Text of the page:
I was sick all week, barely functional in fact. I don’t know about you, but when I don’t feel well, and I can’t sleep or even read, I watch TV, hoping to find something that will allow me to forget how lousy I feel.
And so I found myself watching an all-day marathon of America’s Next Top Model – Round 7. I had seen snatches of the show over the past two years, so I was familiar with the format. I'd had the general impression that while most of the girls on the program were attractive, they lacked confidence, and in many cases, education.
Which is why I was surprised by a contestant named Melrose Bickerstaff. Not only was she attractive, she was savvy. Melrose handily won challenges, and to my mind was the clear front-runner in the competition.
But guess what? She didn’t win.
She DIDN’T win.
Here’s my analysis of her failure to win: she lost because of her poor relationships with the other contestants.
Yup – that’s right.
Her relationships. Remember, women are only considered feminine within the context of a relationship or when we are giving something to someone else, like recognition.
Was she that mean and nasty? It would seem that she wasn’t – certainly if she had been they would have aired the footage. (Remember Omarosa?) Mean and nasty makes great television.
Regardless, the other girls didn’t like her. And when the judges (a panel of five – 2 women, 3 men) had to make a final decision about who would win and who would lose, Tyra Banks made the comment, “well the other girls didn’t really like her…”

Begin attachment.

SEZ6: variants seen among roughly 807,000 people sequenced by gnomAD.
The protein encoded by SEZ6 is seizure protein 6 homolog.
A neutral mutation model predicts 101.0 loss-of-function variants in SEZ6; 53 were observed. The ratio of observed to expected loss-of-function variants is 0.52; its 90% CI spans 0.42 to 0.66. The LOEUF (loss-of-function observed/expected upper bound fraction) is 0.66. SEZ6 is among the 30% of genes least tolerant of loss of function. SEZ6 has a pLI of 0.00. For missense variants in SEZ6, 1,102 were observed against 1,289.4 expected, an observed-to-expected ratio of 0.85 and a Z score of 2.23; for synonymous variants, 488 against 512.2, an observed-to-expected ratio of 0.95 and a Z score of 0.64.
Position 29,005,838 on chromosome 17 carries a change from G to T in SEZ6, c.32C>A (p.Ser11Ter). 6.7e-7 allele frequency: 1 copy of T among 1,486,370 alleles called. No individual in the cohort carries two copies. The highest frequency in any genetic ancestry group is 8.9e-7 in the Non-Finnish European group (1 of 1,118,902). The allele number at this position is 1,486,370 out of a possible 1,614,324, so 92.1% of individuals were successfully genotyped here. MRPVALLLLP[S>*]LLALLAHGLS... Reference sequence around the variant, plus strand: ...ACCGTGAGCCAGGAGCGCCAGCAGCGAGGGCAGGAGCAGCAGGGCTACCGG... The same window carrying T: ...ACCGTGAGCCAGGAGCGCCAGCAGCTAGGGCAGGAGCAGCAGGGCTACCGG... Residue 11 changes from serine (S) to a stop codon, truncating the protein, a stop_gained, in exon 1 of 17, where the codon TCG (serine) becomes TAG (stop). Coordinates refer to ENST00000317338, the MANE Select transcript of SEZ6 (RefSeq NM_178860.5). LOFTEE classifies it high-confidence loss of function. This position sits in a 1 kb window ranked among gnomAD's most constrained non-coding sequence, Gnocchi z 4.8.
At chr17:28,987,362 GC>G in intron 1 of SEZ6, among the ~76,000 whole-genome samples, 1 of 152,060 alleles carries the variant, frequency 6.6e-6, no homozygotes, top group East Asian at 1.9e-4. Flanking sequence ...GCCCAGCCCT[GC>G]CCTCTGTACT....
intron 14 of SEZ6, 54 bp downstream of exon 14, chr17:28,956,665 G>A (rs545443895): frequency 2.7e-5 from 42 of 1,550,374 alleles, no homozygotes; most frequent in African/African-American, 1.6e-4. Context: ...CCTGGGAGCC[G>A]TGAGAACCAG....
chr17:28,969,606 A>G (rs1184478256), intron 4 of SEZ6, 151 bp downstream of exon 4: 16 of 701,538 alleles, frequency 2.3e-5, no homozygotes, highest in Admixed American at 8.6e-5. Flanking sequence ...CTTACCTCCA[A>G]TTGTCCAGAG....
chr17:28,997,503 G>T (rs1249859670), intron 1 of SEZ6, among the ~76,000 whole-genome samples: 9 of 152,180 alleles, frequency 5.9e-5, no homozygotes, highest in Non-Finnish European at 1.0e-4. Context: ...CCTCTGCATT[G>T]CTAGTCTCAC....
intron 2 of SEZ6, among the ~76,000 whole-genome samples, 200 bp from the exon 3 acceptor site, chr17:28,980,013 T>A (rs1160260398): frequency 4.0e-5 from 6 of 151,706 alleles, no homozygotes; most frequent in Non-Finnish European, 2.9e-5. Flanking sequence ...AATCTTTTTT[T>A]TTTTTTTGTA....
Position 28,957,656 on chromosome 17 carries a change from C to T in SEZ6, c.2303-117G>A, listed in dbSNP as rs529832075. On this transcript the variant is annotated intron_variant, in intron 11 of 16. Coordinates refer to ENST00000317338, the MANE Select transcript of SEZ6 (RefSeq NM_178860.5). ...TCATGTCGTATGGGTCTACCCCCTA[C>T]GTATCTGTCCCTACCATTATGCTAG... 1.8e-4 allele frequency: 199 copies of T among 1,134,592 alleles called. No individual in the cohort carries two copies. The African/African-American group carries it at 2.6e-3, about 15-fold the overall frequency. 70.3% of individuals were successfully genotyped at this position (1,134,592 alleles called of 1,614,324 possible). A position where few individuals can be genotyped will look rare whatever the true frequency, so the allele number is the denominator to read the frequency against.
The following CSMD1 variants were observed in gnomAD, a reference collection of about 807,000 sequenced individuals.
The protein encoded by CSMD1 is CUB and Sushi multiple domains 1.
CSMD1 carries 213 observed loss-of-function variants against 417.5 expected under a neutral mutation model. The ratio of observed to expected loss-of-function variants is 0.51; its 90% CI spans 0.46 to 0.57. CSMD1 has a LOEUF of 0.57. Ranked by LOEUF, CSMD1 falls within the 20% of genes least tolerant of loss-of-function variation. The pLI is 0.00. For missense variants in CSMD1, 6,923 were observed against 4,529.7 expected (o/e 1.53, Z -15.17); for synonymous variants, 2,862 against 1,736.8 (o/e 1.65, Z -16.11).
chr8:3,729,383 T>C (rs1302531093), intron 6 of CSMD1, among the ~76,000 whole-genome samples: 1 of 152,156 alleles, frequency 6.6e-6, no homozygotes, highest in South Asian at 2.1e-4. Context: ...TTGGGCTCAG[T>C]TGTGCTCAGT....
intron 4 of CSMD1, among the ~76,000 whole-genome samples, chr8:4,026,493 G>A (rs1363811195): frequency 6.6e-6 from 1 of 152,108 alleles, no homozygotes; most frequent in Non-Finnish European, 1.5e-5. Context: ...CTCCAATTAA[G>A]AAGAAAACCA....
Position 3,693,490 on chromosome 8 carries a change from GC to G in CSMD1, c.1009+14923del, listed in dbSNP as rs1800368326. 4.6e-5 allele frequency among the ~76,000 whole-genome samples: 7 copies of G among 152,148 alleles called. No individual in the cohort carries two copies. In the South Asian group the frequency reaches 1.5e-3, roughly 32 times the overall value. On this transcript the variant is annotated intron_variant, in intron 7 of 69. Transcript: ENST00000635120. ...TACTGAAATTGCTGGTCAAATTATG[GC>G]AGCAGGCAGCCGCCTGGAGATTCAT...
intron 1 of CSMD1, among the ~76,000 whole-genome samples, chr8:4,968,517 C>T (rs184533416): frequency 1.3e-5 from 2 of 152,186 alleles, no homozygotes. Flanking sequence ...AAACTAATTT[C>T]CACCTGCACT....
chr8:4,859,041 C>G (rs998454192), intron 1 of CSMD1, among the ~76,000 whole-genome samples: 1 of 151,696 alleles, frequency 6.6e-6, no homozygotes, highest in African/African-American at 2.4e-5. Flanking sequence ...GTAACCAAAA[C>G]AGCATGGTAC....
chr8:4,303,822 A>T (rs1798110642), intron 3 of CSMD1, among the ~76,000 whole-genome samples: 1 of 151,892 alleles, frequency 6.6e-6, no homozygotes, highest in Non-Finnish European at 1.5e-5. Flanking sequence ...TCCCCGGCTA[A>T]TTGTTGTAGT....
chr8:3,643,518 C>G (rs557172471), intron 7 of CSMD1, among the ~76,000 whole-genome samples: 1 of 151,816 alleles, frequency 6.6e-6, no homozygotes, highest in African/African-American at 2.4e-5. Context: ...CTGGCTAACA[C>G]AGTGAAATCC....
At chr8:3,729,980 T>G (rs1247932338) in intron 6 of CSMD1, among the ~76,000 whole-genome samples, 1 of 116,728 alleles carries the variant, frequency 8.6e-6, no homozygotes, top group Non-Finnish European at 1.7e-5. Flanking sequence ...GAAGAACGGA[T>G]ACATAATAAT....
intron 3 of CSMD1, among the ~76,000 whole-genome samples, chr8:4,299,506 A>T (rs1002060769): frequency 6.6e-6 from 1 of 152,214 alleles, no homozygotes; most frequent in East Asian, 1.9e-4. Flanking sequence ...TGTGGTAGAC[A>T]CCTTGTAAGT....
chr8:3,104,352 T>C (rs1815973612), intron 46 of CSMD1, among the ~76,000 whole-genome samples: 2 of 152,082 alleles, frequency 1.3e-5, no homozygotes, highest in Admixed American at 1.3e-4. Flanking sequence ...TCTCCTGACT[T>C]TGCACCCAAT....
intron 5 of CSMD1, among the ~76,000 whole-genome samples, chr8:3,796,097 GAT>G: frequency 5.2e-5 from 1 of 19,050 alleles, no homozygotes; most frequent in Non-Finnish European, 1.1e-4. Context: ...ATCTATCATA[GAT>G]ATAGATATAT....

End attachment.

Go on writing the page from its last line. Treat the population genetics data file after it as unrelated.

When I was still working on Wall Street, a Harvard Business School professor came in to lead a day of training for all First Vice presidents throughout the firm. One of the interesting nuggets I gleaned from that meeting was the fact that it takes longer for women to climb the corporate ladder because when a man is up for a promotion, the opinion of his superiors is the only opinion that matters. When a woman is up for promotion, her superiors AND her peers are consulted.
America’s Next Top Model was an instance where the girls liking Melrose was, in my opinion, irrelevant. Especially because it seemed that their dislike was largely due to jealousy. But because we are only considered feminine within the context of relationships, if we don’t have good relationships, well then we’re sunk.
The bad news is that when we don’t feel there’s enough for us, enough bounty, we just trip the prom queen, experiencing the dark side of systergy, and no one wins. The good news is that if we do feel there’s enough for us, this enough-ness spills over into our relationships, and we experience systergy, accomplishing far more than we could have on our own.
Can you think of a recent experience when you encouraged and helped another woman, savoring her success?
How did you feel?